Ahmen, Ayman and Asma and I sit sheepishly staring at each other. They know the toys I laid on the table are for them and they have to sit on their hands not to rip open the packaging. I don’t mind either way but there is a ceremony of tea and honey. We converse over the names of the foods and the numbers in Darija, French and Berber. This only lasts so long and the sweets are gone and the olive oil soaked up, so somewhere in my tired self, I find the resolve to play with them and we laugh and act silly. Kbira talks me through it, speaking mostly with our eyes. Tirelessly, Kbira shows me countless rugs she has made, all different styles and colors. Her industriousness puts me to shame and would do the same to nearly every creative person I know. I am marveling at her and coming up short in my language. I wished for notes to write, to her and the children, to communicate in my truest intention, I can always write better than I can say it, but there would none.

It is dark now and nearly ten. I’m sure that the pace is finally slowing but I couldn’t be more wrong. Dinner is being prepared and Ahmed has a guest for tea and then we have some business to discuss. We all sit on the floor around the tajine and it seems surreal that I am here with new friends, while last night I was at the airport in New York and the night before, drinking margaritas with T bird. The children are intelligent and funny, they tell illustrious stories and Ahmed listens intently to their observations. I’m humbled and impressed by the quiet strength of this family. Another door of Morocco opened. There is watermelon to finish, it is sweet and cools me to the point of rest.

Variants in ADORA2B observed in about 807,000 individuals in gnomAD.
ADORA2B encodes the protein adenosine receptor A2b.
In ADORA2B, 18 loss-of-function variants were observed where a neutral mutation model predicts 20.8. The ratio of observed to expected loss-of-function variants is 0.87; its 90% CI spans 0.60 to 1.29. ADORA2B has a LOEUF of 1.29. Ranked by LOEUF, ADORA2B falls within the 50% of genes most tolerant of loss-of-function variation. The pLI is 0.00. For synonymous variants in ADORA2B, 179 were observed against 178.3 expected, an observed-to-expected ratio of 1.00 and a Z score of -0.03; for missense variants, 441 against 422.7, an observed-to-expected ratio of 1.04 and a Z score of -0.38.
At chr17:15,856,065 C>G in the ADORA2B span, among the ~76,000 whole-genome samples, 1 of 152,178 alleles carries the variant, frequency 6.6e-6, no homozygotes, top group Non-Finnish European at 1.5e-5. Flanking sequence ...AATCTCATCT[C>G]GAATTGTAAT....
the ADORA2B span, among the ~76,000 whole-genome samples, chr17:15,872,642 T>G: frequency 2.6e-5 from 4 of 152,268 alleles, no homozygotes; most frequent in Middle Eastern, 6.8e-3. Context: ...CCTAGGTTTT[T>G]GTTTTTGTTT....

Finally the night and my longest day comes to an end. The days after this first one will be filled with long roads and tea. Kbira takes all her hair down and shows me. It is incredibly long and luxe, I’m almost breathless at the sight of it, it is that beautiful. She lays down a pile of her rugs for me to sleep on and I leave the window open. It was thinking of Italy when I thought of the phrase, days with open windows never end but today and tonight it is in Morocco where it rings truest.

Kbira’s morning harira is thick and salty with a heady gulp of olive oil pooling at the bottom of the bowl. The dates seem like they were yanked from the palm in a gripping fist, smashing together their sweet pliable skins. You have to pull them from one another. When you eat this every morning with sweet tea, how can you not be thankful for your life, however it will present itself to you later that day.

AM /// June 2014